After the three-win improvement they had had in 1991 in Bill Belichick's first year as head coach, the Browns wanted to enjoy a similar jump in '92 and make a push to get back into the AFC playoffs.
The Browns did make a jump, but not similar to the one in 1991. They won only one more game, going 7-9, and for a second straight year, three straight losses to end the season -- on the heels of two consecutive wins, no less -- killed any chances they had of getting into the postseason.
It all unfolded in a bizarre way.
The Browns got off to a slow -- and in one very important respect, devastating -- start, losing their first two games. After the second one, a 27-23 decision to the Miami Dolphins on Monday Night Football, it was discovered that Bernie Kosar had suffered a broken ankle in the first half.
Remarkably, he finished the game, throwing two touchdown passes and helping lead a 20-point comeback that brought the Browns from a 20-3 deficit with 11:53 left to a 23-20 lead 10½ minutes later. But the defense faltered in the closing moments, allowing the Dolphins to escape with a victory.
And the next week, Kosar's replacement, Todd Philcox, finished the game against the Los Angeles Raiders despite having fractured the thumb on his throwing (right) hand in the first half. It would cause him to miss eight weeks, an especially disappointing situation for him personally since that was his first career start and he probably would have played the next nine games until Kosar's return.
But at least Philcox had something good to think about during his recuperation, for he had had a hand in the Browns beating the Raiders 28-16. Eric Metcalf scored four TDs, the most by a Brown since Pro Football Hall of Famer Leroy Kelly in 1968, and three of them came on passes from Philcox. Two of the tosses covered 69 and 63 yards.
Former Ohio Stater Mike Tomczak took over for Philcox, becoming the team's third starting quarterback in as many weeks. After a rough debut -- a 12-0 home loss to old nemesis John Elway and the Denver Broncos -- Tomczak got going, leading the Browns to three triumphs in a row and getting them to 4-3 and over the .500 mark for the first time since Week 3 of 1991.
One victory (17-9) came over the eventual Central Division champion Pittsburgh Steelers, and another (17-6) was over the Green Bay Packers in Brett Favre's third career start.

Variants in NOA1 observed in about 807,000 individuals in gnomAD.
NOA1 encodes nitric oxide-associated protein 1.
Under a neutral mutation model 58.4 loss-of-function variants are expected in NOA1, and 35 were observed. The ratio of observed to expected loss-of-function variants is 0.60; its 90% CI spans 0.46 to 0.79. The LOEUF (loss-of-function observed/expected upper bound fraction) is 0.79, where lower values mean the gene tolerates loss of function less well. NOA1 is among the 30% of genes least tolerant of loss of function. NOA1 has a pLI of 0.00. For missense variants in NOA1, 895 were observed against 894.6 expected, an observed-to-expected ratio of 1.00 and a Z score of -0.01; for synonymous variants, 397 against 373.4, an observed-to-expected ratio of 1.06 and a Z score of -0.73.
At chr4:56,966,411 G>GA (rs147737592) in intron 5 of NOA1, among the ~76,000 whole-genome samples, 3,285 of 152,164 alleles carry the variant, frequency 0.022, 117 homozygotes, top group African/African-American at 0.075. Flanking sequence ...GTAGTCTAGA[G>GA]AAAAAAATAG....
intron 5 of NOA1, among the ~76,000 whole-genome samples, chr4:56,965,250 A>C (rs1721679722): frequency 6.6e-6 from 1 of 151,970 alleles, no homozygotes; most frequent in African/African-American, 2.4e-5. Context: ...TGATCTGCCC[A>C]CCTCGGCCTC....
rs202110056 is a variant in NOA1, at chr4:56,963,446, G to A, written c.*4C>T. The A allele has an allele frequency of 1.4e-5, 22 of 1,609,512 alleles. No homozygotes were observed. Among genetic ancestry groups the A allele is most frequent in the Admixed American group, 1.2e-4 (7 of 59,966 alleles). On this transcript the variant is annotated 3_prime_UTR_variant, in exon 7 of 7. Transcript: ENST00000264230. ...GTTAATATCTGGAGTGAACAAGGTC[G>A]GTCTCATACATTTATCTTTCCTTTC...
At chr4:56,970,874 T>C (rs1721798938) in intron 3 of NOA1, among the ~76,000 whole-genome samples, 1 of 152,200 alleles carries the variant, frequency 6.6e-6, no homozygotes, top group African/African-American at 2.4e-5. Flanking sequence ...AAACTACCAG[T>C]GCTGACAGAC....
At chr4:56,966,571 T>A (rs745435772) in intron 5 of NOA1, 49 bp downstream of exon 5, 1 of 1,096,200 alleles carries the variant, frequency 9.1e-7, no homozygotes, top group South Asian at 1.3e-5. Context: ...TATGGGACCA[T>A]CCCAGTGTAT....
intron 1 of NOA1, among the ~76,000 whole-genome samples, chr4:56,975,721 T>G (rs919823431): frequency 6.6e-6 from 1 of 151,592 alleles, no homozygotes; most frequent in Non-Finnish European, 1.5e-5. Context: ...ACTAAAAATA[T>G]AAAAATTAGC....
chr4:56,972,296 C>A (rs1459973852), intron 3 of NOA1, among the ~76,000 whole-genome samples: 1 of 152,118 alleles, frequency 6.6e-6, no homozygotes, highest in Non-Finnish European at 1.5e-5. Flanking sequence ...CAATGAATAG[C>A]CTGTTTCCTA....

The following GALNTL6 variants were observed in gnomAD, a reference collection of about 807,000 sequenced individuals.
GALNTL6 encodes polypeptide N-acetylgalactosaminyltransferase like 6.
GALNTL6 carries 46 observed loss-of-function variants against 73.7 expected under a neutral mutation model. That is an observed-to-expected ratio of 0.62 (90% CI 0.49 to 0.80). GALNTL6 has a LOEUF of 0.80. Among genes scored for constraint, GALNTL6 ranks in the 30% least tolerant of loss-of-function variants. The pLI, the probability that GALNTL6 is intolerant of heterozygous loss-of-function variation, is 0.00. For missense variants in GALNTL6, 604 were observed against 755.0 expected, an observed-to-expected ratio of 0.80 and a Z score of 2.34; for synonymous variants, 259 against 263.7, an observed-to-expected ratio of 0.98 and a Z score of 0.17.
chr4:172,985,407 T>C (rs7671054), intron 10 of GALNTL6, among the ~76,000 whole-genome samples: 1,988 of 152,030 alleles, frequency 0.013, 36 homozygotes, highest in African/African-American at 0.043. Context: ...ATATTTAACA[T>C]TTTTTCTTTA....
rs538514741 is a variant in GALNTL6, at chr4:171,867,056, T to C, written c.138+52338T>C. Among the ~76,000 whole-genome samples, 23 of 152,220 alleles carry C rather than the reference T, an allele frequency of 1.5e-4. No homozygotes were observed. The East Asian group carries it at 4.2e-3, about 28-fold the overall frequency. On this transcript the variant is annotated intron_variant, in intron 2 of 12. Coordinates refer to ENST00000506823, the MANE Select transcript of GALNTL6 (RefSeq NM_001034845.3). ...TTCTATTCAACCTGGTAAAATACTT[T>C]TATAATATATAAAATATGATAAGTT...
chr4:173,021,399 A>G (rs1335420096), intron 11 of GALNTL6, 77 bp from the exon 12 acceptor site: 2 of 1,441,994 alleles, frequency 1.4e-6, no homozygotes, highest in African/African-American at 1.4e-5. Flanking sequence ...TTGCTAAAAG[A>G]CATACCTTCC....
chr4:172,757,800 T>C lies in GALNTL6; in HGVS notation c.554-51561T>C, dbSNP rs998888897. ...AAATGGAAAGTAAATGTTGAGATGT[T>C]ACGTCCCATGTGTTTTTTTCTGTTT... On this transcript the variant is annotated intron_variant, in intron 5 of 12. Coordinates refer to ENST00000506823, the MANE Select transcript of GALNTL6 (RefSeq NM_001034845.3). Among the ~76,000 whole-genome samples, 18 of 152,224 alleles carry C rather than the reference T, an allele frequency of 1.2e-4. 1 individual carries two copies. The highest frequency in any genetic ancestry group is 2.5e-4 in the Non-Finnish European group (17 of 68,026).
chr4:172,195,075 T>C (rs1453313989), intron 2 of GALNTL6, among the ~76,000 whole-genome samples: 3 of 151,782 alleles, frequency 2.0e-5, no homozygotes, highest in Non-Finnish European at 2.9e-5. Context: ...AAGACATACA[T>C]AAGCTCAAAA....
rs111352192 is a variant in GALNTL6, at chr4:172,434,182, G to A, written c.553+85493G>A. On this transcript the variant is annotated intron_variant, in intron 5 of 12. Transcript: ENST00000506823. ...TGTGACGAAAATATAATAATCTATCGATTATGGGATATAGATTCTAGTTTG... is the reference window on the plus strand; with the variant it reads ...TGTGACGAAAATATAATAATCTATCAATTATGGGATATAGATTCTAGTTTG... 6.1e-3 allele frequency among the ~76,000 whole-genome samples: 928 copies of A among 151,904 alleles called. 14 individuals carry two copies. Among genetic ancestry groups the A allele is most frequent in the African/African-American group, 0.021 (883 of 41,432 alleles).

In all, Tomczak led the Browns to a respectable 4-3 record as a starter before Kosar returned in a 27-14 win over the Chicago Bears. Following that game and a 37-21 victory over the Cincinnati Bengals the following week in which Kosar set a team record for completion percentage (82.6, on 19-of-23 passing for 239 yards and two TDs), the Browns were 7-6 and in the playoff chase.
But then came those three losses, the first of which was a 24-14 loss at Detroit to a Lions team that would finish just 5-11. That got the Browns off track, and they never recovered.
The defense continued to improve on the year, giving up 275 points, or 23 fewer than the unit had allowed in 1991. In two years under Belichick, the defense had shaved 187 points off its franchise-worst performance in 1990, when the Browns surrendered 462.
Offensively, Kosar, Tomczak and Philcox combined to throw for 18 TDs with 16 interceptions and an 82.7 quarterback rating. Considering all the injuries the Browns had suffered at the position, that was outstanding.
The fact Philcox had the best rating of the three at 97.3 gave Belichick confidence he could do the job, as would be revealed midway through 1993 when the coach cut Kosar and replaced him with the Syracuse product.
Rangy wide receiver Michael Jackson, though, was the most pleasant surprise on the team. A sixth-round pick in the 1991 NFL Draft out of Southern Mississippi, the 6-foot-4, 195-pounder tied with Metcalf for the team lead in receptions with 47 and added a club-best seven TD catches.
The Browns also increased their rushing yards to 1,607 -- just two more than their foes -- from 1,360 in 1992.
But in the end, those late-season collapses were killing the Browns. In the last six games, combined, from 1991 and '92 -- three in both seasons -- they had scored no more than 14 points. In 11 of their 16 contests in 1992, they scored 19 points or less.
They had to figure out a way to score more points, and if they could, then it might lead to more success for the team, especially in those important late-season games.
|9/6||L14-Mar||at Indianapolis Colts||50,766|
|9/20||W28-16||at Los Angeles Raiders||48,102|
|10/18||W17-6||Green Bay Packers||69,268|
|10/25||W19-17||at New England Patriots||32,219|
|11/1||L30-Oct||at Cincinnati Bengals||54,765|
|11/8||W24-14||at Houston Oilers||57,348|
|11/15||L13-14||San Diego Chargers||58,396|
|11/22||L13-17||at Minnesota Vikings||53,323|
|12/13||L14-24||at Detroit Lions||65,970|
|12/27||L13-23||at Pittsburgh Steelers||53,776|
|Score By Periods|
|Total First Downs||242||281|
|3rd Down: Made/Att||67/196||76/205|
|3rd Down Pct.||34.20%||37.10%|
|4th Down: Made/Att||9/17||7/14|
|4th Down Pct.||52.90%||50.00%|
|Total Net Yards||4,492||4,757|
|Avg. Per Game||280.8||297.3|
|Avg. Per Play||5.1||4.9|
|Net Yards Rushing||1,607||1,605|
|Avg. Per Game||100.4||100.3|
|Net Yards Passing||2,885||3,152|
|Avg. Per Game||180.3||197|
|Net Punting Avg.||75/38.0||74/38.7|
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